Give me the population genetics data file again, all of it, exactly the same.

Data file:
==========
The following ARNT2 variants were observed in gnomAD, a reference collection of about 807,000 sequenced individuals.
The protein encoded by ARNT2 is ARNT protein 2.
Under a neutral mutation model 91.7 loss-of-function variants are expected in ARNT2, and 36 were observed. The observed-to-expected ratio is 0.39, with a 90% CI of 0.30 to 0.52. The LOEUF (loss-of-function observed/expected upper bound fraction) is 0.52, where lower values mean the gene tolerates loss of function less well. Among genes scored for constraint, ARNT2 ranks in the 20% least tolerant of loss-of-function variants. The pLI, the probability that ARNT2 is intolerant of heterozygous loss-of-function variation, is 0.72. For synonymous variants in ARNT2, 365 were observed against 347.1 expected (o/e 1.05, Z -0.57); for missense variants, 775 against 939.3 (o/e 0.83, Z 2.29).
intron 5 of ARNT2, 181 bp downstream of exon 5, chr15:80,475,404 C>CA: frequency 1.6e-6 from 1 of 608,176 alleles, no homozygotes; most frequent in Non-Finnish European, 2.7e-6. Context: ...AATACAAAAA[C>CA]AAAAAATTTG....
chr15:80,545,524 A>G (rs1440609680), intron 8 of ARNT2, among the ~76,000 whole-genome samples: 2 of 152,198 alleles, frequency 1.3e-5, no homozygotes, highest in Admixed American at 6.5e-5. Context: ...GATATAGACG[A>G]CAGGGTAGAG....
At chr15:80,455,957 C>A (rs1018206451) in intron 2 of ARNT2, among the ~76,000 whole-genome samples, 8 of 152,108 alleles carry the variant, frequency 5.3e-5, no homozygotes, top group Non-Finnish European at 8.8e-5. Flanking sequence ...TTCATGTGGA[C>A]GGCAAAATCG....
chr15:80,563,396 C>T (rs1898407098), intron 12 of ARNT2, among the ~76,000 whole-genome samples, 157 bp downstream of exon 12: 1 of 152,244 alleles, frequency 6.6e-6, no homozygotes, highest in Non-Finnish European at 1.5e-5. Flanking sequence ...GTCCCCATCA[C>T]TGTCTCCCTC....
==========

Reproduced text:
The following ARNT2 variants were observed in gnomAD, a reference collection of about 807,000 sequenced individuals.
The protein encoded by ARNT2 is ARNT protein 2.
Under a neutral mutation model 91.7 loss-of-function variants are expected in ARNT2, and 36 were observed. The observed-to-expected ratio is 0.39, with a 90% CI of 0.30 to 0.52. The LOEUF (loss-of-function observed/expected upper bound fraction) is 0.52, where lower values mean the gene tolerates loss of function less well. Among genes scored for constraint, ARNT2 ranks in the 20% least tolerant of loss-of-function variants. The pLI, the probability that ARNT2 is intolerant of heterozygous loss-of-function variation, is 0.72. For synonymous variants in ARNT2, 365 were observed against 347.1 expected (o/e 1.05, Z -0.57); for missense variants, 775 against 939.3 (o/e 0.83, Z 2.29).
intron 5 of ARNT2, 181 bp downstream of exon 5, chr15:80,475,404 C>CA: frequency 1.6e-6 from 1 of 608,176 alleles, no homozygotes; most frequent in Non-Finnish European, 2.7e-6. Context: ...AATACAAAAA[C>CA]AAAAAATTTG....
chr15:80,545,524 A>G (rs1440609680), intron 8 of ARNT2, among the ~76,000 whole-genome samples: 2 of 152,198 alleles, frequency 1.3e-5, no homozygotes, highest in Admixed American at 6.5e-5. Context: ...GATATAGACG[A>G]CAGGGTAGAG....
At chr15:80,455,957 C>A (rs1018206451) in intron 2 of ARNT2, among the ~76,000 whole-genome samples, 8 of 152,108 alleles carry the variant, frequency 5.3e-5, no homozygotes, top group Non-Finnish European at 8.8e-5. Flanking sequence ...TTCATGTGGA[C>A]GGCAAAATCG....
chr15:80,563,396 C>T (rs1898407098), intron 12 of ARNT2, among the ~76,000 whole-genome samples, 157 bp downstream of exon 12: 1 of 152,244 alleles, frequency 6.6e-6, no homozygotes, highest in Non-Finnish European at 1.5e-5. Flanking sequence ...GTCCCCATCA[C>T]TGTCTCCCTC....